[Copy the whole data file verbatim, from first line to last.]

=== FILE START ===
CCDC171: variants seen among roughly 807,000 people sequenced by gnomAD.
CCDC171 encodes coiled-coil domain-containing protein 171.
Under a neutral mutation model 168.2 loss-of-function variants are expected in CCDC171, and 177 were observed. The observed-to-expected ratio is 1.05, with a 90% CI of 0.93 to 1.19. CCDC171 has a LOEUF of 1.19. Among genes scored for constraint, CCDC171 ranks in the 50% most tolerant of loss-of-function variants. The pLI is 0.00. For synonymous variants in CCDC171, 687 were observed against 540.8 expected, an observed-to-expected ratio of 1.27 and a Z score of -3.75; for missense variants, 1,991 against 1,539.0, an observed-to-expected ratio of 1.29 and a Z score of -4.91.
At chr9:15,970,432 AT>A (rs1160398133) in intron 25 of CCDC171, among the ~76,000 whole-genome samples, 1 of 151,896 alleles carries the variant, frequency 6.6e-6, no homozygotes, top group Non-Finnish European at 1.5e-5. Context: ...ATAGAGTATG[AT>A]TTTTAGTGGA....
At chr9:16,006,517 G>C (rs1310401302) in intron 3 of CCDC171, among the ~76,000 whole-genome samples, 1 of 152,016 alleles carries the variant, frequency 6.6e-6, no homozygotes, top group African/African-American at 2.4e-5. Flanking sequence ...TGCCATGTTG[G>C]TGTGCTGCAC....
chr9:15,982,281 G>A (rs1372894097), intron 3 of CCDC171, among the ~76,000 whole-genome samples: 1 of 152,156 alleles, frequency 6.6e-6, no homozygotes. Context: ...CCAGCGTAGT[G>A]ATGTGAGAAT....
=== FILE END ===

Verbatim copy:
CCDC171: variants seen among roughly 807,000 people sequenced by gnomAD.
CCDC171 encodes coiled-coil domain-containing protein 171.
Under a neutral mutation model 168.2 loss-of-function variants are expected in CCDC171, and 177 were observed. The observed-to-expected ratio is 1.05, with a 90% CI of 0.93 to 1.19. CCDC171 has a LOEUF of 1.19. Among genes scored for constraint, CCDC171 ranks in the 50% most tolerant of loss-of-function variants. The pLI is 0.00. For synonymous variants in CCDC171, 687 were observed against 540.8 expected, an observed-to-expected ratio of 1.27 and a Z score of -3.75; for missense variants, 1,991 against 1,539.0, an observed-to-expected ratio of 1.29 and a Z score of -4.91.
At chr9:15,970,432 AT>A (rs1160398133) in intron 25 of CCDC171, among the ~76,000 whole-genome samples, 1 of 151,896 alleles carries the variant, frequency 6.6e-6, no homozygotes, top group Non-Finnish European at 1.5e-5. Context: ...ATAGAGTATG[AT>A]TTTTAGTGGA....
At chr9:16,006,517 G>C (rs1310401302) in intron 3 of CCDC171, among the ~76,000 whole-genome samples, 1 of 152,016 alleles carries the variant, frequency 6.6e-6, no homozygotes, top group African/African-American at 2.4e-5. Flanking sequence ...TGCCATGTTG[G>C]TGTGCTGCAC....
chr9:15,982,281 G>A (rs1372894097), intron 3 of CCDC171, among the ~76,000 whole-genome samples: 1 of 152,156 alleles, frequency 6.6e-6, no homozygotes. Context: ...CCAGCGTAGT[G>A]ATGTGAGAAT....